The first part of the BG fit is the personal interview. He took general information, such as height, weight, cycling goals, riding style, etc. He also asked for my specific complaints; what aches and pains do I experience when cycling and what do I hope to accomplish with this fit. It was a pretty extensive interview, fairly detailed.

Then we go over and he has me sit on the "ass-o-meter". Well...that is what the kid called it. It is a heat sensing, high-density, cloth covered foam pad that you sit upon. You lean forward and sit there for about a minute. When you get up, he quickly measures the distance between your sit bones. From this, he can determine what size saddle you need.

After that, I go in and change into my riding cloths while he makes measurements on my bike as it is currently set up. This established my present baseline. After the tech finished with that, he ran me through a series of physical exercises that served to measure my flexibility. Part of this is also a medical history interview to identify anything that would affect flexibility or what could not be done as regarding fitting my bike to my body.

We checked the width of my current seat and it is within the parameters of what size seat width I should use. Whew, I don't have to purchase a new seat, (good for that; I use Sella SMP seats - the first seat I've used that doesn't cause me to go numb "down there").

Finally, I get on my bike and start riding. For the first five minutes, I'm warming up while he sets up the cameras and the computer. There are two cameras, one on the side, the other head on. He watches me. Watches the computer. Thinks a bit. Asks some questions. Watches the computer screen some more. The first part of the bike to set up is the back half, (saddle position, pedal position, cleat position). He says the cockpit is mostly a personal preference thing, that the seat position is pretty exact and critical.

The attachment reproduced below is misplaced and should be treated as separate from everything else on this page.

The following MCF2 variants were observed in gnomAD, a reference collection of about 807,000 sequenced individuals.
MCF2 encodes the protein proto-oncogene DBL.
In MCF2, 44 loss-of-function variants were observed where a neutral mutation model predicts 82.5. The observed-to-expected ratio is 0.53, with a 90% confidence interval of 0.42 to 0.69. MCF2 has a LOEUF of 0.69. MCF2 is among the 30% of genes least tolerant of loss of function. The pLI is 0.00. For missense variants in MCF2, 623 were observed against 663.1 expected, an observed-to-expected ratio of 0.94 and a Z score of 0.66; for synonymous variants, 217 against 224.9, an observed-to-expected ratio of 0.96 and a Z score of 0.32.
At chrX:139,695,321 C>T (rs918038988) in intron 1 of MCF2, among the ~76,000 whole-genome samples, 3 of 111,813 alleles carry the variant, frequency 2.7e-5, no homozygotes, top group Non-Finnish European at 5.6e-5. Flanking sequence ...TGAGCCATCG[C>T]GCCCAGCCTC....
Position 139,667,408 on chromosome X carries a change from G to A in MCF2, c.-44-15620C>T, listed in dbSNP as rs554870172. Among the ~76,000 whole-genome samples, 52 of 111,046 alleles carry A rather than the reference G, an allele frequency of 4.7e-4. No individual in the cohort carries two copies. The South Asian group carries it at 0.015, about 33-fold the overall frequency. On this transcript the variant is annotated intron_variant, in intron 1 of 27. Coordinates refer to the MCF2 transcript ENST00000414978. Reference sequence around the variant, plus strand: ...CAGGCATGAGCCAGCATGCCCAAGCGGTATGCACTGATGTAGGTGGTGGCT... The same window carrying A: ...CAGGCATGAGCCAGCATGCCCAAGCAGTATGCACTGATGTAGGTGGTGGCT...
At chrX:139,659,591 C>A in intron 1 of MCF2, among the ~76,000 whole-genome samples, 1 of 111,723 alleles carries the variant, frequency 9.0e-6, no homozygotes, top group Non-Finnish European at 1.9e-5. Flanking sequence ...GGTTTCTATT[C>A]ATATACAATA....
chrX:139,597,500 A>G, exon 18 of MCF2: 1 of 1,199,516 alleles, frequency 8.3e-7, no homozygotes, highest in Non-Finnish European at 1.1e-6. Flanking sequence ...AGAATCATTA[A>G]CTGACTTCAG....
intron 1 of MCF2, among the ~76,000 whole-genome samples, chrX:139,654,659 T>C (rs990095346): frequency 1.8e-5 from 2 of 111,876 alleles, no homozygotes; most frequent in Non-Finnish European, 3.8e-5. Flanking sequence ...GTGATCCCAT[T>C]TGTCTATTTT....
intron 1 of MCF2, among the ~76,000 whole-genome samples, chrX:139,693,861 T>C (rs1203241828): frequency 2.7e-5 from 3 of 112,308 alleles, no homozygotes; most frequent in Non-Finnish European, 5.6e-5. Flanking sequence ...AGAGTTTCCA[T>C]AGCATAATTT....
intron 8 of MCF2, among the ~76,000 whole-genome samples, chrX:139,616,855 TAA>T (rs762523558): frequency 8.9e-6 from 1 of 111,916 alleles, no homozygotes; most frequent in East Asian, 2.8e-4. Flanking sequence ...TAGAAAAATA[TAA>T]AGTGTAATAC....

The results of setting the saddle area, after I get off and on a bunch of times, checking this and that, over and over; is that we lower my saddle about one centimeter and move it forward about a centimeter. (He does not set the angle, up or down, of the seat...and did not address it. The angle of a SMP seat is somewhat important. You can only sit in one position - one cannot slide forward or rearward on a SMP seat.) Among the things looked at are the angle of the knee at the bottom of the stroke and knee position in relation to the pedal axis at the extreme forward position of a stroke.

He was finally happy with my pedal motion. No knee in or out during a stroke rotation and extended knee angle halfway between minimum and maximum recommended for most efficient power transfer. My cleats did not need to me adjusted, fore or aft, nor twisted. My foot position is perfectly mated to the pedal, as I knew it would be. But, there was still the foot pain complaint and he had me remove my shoes and stand on a heat sensing pad which recorded my footprint. From that he could tell if I had flat feet or needed some type of arch support.

This was something new to me. I had always thought that only the front part of the foot is used in a pedal stroke. That's the only part pushing and pulling on a pedal, right? I learned that cycling shoes usually don't come with much in the way of arch support. Specialized BG fit arches come in three "sizes". I need the one that gives the most support, (high arches). Boy, does it give my foot a whole different feel. More on this in the results paragraph below.

Finally, we moved to the cockpit area. Again, he says that it is a personal decision and that once the right postiion is found, you will get that eureka moment. "That's it!", you'll say.